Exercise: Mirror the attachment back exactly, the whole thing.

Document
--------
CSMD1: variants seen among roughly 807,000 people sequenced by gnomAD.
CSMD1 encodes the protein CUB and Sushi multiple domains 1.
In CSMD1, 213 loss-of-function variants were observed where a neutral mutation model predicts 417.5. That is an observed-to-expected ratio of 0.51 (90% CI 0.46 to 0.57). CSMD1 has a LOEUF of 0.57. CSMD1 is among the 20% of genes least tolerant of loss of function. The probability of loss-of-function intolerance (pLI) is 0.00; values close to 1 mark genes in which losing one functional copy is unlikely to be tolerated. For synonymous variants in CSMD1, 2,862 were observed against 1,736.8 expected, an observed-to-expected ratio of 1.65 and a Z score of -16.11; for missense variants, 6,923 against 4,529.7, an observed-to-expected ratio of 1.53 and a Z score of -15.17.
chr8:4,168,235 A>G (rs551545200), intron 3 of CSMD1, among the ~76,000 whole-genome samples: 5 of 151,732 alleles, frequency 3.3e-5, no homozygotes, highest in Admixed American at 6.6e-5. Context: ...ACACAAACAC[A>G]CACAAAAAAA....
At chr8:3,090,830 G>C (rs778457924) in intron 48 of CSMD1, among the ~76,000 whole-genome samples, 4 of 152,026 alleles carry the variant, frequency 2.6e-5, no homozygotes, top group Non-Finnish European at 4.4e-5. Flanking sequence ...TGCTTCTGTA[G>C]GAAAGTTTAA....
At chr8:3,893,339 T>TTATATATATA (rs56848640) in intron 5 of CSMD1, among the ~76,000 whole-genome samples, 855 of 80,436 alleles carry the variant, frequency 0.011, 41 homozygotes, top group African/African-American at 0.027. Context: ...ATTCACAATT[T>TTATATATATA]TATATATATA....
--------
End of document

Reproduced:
CSMD1: variants seen among roughly 807,000 people sequenced by gnomAD.
CSMD1 encodes the protein CUB and Sushi multiple domains 1.
In CSMD1, 213 loss-of-function variants were observed where a neutral mutation model predicts 417.5. That is an observed-to-expected ratio of 0.51 (90% CI 0.46 to 0.57). CSMD1 has a LOEUF of 0.57. CSMD1 is among the 20% of genes least tolerant of loss of function. The probability of loss-of-function intolerance (pLI) is 0.00; values close to 1 mark genes in which losing one functional copy is unlikely to be tolerated. For synonymous variants in CSMD1, 2,862 were observed against 1,736.8 expected, an observed-to-expected ratio of 1.65 and a Z score of -16.11; for missense variants, 6,923 against 4,529.7, an observed-to-expected ratio of 1.53 and a Z score of -15.17.
chr8:4,168,235 A>G (rs551545200), intron 3 of CSMD1, among the ~76,000 whole-genome samples: 5 of 151,732 alleles, frequency 3.3e-5, no homozygotes, highest in Admixed American at 6.6e-5. Context: ...ACACAAACAC[A>G]CACAAAAAAA....
At chr8:3,090,830 G>C (rs778457924) in intron 48 of CSMD1, among the ~76,000 whole-genome samples, 4 of 152,026 alleles carry the variant, frequency 2.6e-5, no homozygotes, top group Non-Finnish European at 4.4e-5. Flanking sequence ...TGCTTCTGTA[G>C]GAAAGTTTAA....
At chr8:3,893,339 T>TTATATATATA (rs56848640) in intron 5 of CSMD1, among the ~76,000 whole-genome samples, 855 of 80,436 alleles carry the variant, frequency 0.011, 41 homozygotes, top group African/African-American at 0.027. Context: ...ATTCACAATT[T>TTATATATATA]TATATATATA....